Imagine if you will an amnesiac who wakes up in a hotel room and sees the following: a plate of lobster on a table, a lobster bib tied around his neck, a six ounce wine goblet, sitting next to an unopened bottle of his favorite wine next to a corkscrew opener, a bathroom with an electric razor, an itchy four day growth of beard, a key on a coffee table that perfectly fits the hotel room door and a humidor containing a batch of his favorite cigars.

He has no idea how he got into the room, but he concludes that someone, somewhere put him there and most likely someone with a benevolent attitude toward him. Is the amnesiac foolishly involved in wishful thinking, or are his conclusions quite logical?
The person would be suffering from the Illusion of the Puddle. Imagine if you will a hole in the ground. It's an irregularly shaped hole with odd angles and creases and random corners. One day it rains and water is everywhere on the ground. Some of it evaporates in the heat and does not survive long, some of it runs this way, and some of it runs that way - the force of gravity acting upon it until its volume spreads out into oblivion..., but some of it randomly finds the hole. The water fills every contour of the hole the way water does. Does that mean the hole was created just for that particular collection of water alone? That particular collection of water took on the hole's shape so perfectly! It's a miracle!!!! Look how well the hole accommodates how the water is now shaped... like the hole was made just for it..... Or did the conditions of the hole actually dictate, allow, and generate the conditions of the shape of the water?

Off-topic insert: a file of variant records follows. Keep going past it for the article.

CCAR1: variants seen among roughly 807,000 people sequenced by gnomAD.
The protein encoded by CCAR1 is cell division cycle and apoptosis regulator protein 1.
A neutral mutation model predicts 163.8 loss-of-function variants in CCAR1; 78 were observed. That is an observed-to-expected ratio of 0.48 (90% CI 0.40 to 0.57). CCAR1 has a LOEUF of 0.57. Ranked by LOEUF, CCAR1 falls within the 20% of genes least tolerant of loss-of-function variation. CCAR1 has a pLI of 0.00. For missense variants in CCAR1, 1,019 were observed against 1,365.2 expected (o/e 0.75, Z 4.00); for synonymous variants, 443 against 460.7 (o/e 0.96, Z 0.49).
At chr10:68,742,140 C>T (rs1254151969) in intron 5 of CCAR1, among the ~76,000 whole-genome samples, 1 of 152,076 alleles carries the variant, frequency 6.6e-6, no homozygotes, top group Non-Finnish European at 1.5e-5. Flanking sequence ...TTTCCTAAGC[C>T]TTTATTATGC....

Let me answer for you... it was the latter.
 
Last edited:

5wize

Well-known member
Nah, that was for Jews wandering in the wilderness four or five thousand years ago. Treeplanter is our contemporary and isn't Jewish. He'll have to find a chick some other way.
Your god was for the Jews wandering in the wilderness four or five thousand years ago too.
 

Lucian

Member